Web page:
In a sitdown, on-camera interview, Boxall first told how he met Titmus, his first impression of her and a bit about their relationship. He first mentioned Ledecky, umprompted, when asked the fourth question, about Titmus’ progression.

Boxall noted that Titmus swam the 400m freestyle in 4:09.81 at the August 2016 Junior Pan Pacific Championships.

“Ledecky went 3:56:46,” Boxall said, correctly noting Ledecky’s Rio Olympic world record to the hundredth, “so we’re 13 seconds off [at] that stage.”

Titmus raced Ledecky for the first time at the 2017 Worlds and finished fourth in the 400m, closing the gap to six seconds. In 2018, she took second to Ledecky at Pan Pacs, 1.16 seconds behind, becoming the first Australian to break four minutes in the event.

At 2019 Worlds, Boxall needed to be alone during the 400m free final. He left the Australian team box and snuck into a VIP area. As Titmus reeled Ledecky in, Boxall stood up and ran.

“Like a shot of adrenaline,” he said. “I couldn’t contain myself, but I was calmer as I’d ever been as well.

“That’s the first race that Arnie has raced Katie and actually was in the race. … Prior to that, it was just Katie.”

Titmus swam 10 seconds faster than when Boxall first compared her to Ledecky in August 2016.

“She’s 2.4 seconds off [Ledecky’s] world record,” Boxall said. “We know what the benchmark is, and we’re still a long way off.”

Titmus recorded the eighth-fastest 400m freestyle in history. Ledecky owns the top seven times.

“The greatest thing apart from obviously winning, I think, [is] being able to actually race someone who has been on her own for so long,” Titmus said. “I find it so crazy that now I’m in this situation where she’s my main rival.”

Scroll down the list, and you’ll see that the top 27 times in history (aside from the now-banned suit era) are shared by Ledecky (23) and Titmus (four).

“She’s certainly special,” Boxall said of his pupil. “Special enough? We’ll see.”

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Collin Morikawa jumps into projected Olympic golf field

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Collin Morikawa would not have qualified outright for the Tokyo Olympics had they been held this summer. Now, after winning the PGA Championship, he is third overall in global qualifying for the Tokyo Games in 2021.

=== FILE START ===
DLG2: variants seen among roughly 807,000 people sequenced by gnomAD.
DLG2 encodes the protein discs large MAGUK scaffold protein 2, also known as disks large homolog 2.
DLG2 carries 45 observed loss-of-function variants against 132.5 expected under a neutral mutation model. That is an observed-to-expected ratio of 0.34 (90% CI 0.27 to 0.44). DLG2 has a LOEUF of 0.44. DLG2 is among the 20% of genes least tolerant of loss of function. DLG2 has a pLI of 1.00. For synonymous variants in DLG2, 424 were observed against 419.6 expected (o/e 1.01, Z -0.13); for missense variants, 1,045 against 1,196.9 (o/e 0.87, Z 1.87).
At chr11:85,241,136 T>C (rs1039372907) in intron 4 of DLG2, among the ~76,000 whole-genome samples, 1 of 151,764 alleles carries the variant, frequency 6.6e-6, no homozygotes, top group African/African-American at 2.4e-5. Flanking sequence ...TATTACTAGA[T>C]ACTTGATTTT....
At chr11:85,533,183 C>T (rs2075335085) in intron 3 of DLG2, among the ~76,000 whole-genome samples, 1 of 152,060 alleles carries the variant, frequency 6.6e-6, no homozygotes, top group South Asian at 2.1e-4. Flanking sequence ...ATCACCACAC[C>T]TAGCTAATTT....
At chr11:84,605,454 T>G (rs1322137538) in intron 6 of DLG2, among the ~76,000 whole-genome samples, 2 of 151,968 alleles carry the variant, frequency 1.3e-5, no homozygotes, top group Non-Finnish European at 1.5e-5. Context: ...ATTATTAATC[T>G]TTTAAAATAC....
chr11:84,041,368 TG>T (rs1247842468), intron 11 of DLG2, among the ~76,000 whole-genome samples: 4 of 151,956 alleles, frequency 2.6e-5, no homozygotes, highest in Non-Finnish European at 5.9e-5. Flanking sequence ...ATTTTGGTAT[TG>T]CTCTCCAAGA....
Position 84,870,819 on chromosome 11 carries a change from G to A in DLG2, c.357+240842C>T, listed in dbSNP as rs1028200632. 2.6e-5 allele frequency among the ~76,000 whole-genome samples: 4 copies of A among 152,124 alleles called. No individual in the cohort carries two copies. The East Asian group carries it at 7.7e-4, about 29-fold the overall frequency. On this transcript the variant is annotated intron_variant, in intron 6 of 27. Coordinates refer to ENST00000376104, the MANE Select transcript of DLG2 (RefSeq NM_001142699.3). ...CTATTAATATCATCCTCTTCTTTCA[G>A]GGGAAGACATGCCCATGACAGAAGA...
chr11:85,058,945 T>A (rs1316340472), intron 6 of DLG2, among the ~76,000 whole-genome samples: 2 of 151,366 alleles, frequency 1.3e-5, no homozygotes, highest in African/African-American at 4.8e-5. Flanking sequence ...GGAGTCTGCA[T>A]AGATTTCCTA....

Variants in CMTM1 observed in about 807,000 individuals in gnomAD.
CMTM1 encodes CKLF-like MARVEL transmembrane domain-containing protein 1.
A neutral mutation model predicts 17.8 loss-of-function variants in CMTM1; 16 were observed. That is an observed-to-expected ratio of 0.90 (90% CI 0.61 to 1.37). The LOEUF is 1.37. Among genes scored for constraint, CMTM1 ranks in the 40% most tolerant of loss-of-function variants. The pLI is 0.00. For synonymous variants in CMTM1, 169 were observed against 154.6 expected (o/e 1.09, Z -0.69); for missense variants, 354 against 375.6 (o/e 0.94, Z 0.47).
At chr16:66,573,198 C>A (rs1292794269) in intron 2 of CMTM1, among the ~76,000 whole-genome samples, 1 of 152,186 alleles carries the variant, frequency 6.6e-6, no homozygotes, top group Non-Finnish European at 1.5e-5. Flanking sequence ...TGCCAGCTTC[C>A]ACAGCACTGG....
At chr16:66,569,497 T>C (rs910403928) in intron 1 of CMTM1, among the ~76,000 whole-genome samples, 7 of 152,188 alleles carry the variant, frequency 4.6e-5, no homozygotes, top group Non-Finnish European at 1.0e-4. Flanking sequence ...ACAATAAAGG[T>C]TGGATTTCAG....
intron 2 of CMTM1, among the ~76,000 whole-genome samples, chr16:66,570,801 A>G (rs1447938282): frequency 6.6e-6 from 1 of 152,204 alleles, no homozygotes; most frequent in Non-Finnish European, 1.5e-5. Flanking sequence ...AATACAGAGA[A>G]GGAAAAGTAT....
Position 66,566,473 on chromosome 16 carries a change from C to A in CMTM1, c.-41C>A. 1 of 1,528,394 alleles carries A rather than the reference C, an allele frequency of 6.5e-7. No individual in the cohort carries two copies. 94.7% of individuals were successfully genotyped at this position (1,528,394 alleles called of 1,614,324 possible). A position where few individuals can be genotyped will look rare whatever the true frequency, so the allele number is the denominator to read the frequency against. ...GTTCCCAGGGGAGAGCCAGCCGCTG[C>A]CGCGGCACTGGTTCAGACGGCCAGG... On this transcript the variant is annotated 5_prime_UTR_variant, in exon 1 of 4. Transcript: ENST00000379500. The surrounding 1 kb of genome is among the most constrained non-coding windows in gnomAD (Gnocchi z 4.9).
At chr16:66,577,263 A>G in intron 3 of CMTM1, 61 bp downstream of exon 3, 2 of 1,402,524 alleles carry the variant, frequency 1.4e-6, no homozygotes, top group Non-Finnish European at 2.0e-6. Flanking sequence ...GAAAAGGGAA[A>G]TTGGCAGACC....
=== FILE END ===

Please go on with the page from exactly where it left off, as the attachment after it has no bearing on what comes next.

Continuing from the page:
Morikawa, a 23-year-old who took the same number of PGA Tour starts to win his maiden major as Tiger Woods (29), went from an alternate for the expected four-man U.S. Olympic team to No. 2 among Americans in the early qualifying standings, according to golf rankings guru @VC606 on Twitter.

Justin Thomas, Bryson DeChambeau and Patrick Reed are the other Americans in qualifying position, according to @VC606.

Morikawa, whose father is of Japanese descent, turned professional in June 2019 and made his first 22 cuts, a feat bettered only by Woods.

The 23-year-old could become the youngest U.S. Olympic male golfer since 1904 (important note: golf was not part of the Olympic program from 1908 through 2012). Come next summer, he will still be younger than all but seven men from the Rio Olympic golf field of 60, according to Olympedia.org.

Olympic golf qualifying standings will fluctuate significantly. There are five major championships left in the qualifying window, starting with the U.S. Open in September and finishing with next summer’s U.S. Open, both airing on NBC Sports.

How tough will it be to make the U.S. Olympic team? Consider that the three Americans to win majors in 2019 — Woods, Brooks Koepka and Gary Woodland — are currently not in Olympic qualifying position.

The U.S. has seven of the top nine in the Official World Golf Ranking, which is calculated differently than Olympic qualifying.